Tri Counties Bank Scholarship Program
Tri Counties Bank is partnering with the United Way of Northern California to issue up to $40,000 in scholarships to high school seniors graduating in 2015. For the 2015-2016 academic year, awards will range between $500 and $1,500 for any college-related expenses including tuition, books or housing. The scholarship will be applicable to students graduating from high schools in Butte, Del Norte, Glenn, Humboldt, Lassen, Mendocino, Shasta, Siskiyou, Tehama and Trinity counties.
“Tri Counties Bank has a very long history of providing scholarships to those who may have been overlooked by other programs," according to Rick Smith, President & CEO of Tri Counties Bank.
Wendy Zanotelli, President & CEO of United Way of Northern California said, "The primary focus areas of the United Way are Financial Stability, Health and Education so managing this scholarship fund is a natural fit for us. We're excited to partner with Tri Counties Bank for the 2nd year in a row to support these future community leaders in their post-secondary education goals.”
Scholarship applicants are required to maintain a 2.5 Grade Point Average or higher during the applicant’s senior year and demonstrate financial need. The application period is now open and the submission deadline is April 24, 2015. For more information, contact United Way of Northern California at 530-241-7521.
Tri Counties Bank Awards $38,000 in Scholarships to
39 Students from 8 Northstate Counties!
Redding, CA – (August 14, 2014) – Tri Counties Bank, in partnership with United Way of Northern California, issued $38,000 in scholarships at an award ceremony held Tuesday evening at the Red Lion Inn in Redding. The awards were between $500 and $2,000 and were presented to 39 students from 21 high schools in 8 Northstate counties.
“Tri Counties Bank has a very long history of providing scholarships to students in our serving area. We are proud to continue the tradition of helping students achieve their post-secondary education goals,” according to Rick Smith, President & CEO of Tri Counties Bank.
Wendy Zanotelli, President & CEO of United Way of Northern California said, “With United Way’s focus on the building blocks for a good life: Education, Financial Stability, and Health, we are thrilled to partner with the bank for this scholarship program. The students chosen for these awards are incredibly talented and show a great deal of promise as future community leaders .”
Tiana Davall, a scholarship recipient who graduated from Pioneer High School and will be attending Shasta Community College stated, “I am so grateful for this opportunity and award. This scholarship is going to help me so much and looking around the room, it is really neat to see how many of us are being helped.”
The recipients will be going off to 24 different colleges, ranging from local community colleges and universities, to academies and universities throughout the nation. Recipient pictures and more information can be found on the United Way of Northern California Facebook page at https://www.facebook.com/UNitedwayofnortherncalifornia. For more information, contact United Way of Northern California at 530-241-7521.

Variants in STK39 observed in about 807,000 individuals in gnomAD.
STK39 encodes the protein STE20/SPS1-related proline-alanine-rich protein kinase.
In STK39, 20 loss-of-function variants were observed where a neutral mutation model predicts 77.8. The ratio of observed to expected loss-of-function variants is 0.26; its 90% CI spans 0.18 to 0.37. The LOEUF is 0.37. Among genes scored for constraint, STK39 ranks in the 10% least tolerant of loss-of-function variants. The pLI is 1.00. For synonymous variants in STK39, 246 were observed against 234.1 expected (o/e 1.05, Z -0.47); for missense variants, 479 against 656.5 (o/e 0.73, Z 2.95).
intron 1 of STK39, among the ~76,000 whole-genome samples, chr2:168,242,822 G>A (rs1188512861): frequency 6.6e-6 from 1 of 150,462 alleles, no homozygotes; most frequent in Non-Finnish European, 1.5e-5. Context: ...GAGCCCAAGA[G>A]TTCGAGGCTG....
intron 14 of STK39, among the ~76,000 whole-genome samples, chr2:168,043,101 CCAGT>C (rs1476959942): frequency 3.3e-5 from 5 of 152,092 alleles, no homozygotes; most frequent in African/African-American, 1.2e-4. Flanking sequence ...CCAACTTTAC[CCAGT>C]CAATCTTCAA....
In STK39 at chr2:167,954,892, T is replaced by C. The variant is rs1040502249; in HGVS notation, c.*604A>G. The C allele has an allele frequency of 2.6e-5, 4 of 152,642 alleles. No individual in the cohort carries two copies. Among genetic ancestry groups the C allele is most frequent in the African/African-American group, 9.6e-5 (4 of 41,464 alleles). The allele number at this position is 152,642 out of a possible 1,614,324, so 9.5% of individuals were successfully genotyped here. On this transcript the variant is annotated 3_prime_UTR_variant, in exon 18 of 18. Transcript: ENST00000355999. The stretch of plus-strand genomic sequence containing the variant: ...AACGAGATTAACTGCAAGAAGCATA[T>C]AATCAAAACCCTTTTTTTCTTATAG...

Pictured are representatives from Tri Counties Bank, United Way of Northern California, Scholarship Review Committee Members, and Scholarship Recipients. (Photo: United Way of Northern California)
United Way Works to end America’s education crisis
Education is the cornerstone of individual and community success. But with more than 1.2 million children dropping out each year, America faces an education crisis. The cost? More than $312 billion in lost wages, taxes and productivity over their lifetimes (1). These trends are reversible, but only when communities and public, private and nonprofit sectors work together.
In 2008, United Way Worldwide launched a 10-year initiative to cut the number of high school dropouts in half by 2018. It’s an ambitious goal, but by utilizing our core strengths — a national network, committed partners and public engagement capacity — we can achieve it.
We can’t focus on high school alone. High school dropouts are 12 years in the making, usually starting early childhood education behind schedule. United Way's model focuses on supportive communities, effective schools and strong families — strategies and approaches rooted in research. Tackling the education challenge requires reframing education on a birth to 21 continuum.
Early Grade Literacy Support
Children who cannot read well by the end of third grade are four times as likely to drop out of high school (2). Yet millions of American children get to fourth grade without reading well. To address this critical issue, United Way has launched an initiative to boost early grade reading. If you are in a position to read with children you can play a critical role in helping create strong readers and better learners. To support this effort, United Way has created this Tools & Tips for Reading with Children Toolkit. Click here to read or download.
How You Can Help
To reach our goal, we need your help. The strategies proven to work are those that connect communities to their schools: parent involvement; literacy volunteers in the classroom; mentors for disadvantaged students; business leaders engaged in early childhood advocacy. Volunteer to help.
- Figure according to Communities in Schools, one of America’s leading drop-out prevention partnerships.
- Hernandez, Donald J., Double Jeopardy: How Third-Grade Reading Skills and Poverty Influence High School Graduation. The Annie E. Casey Foundation; Center for Demographic Analysis, University at Albany, State of New York; Foundation for Child Development. 2011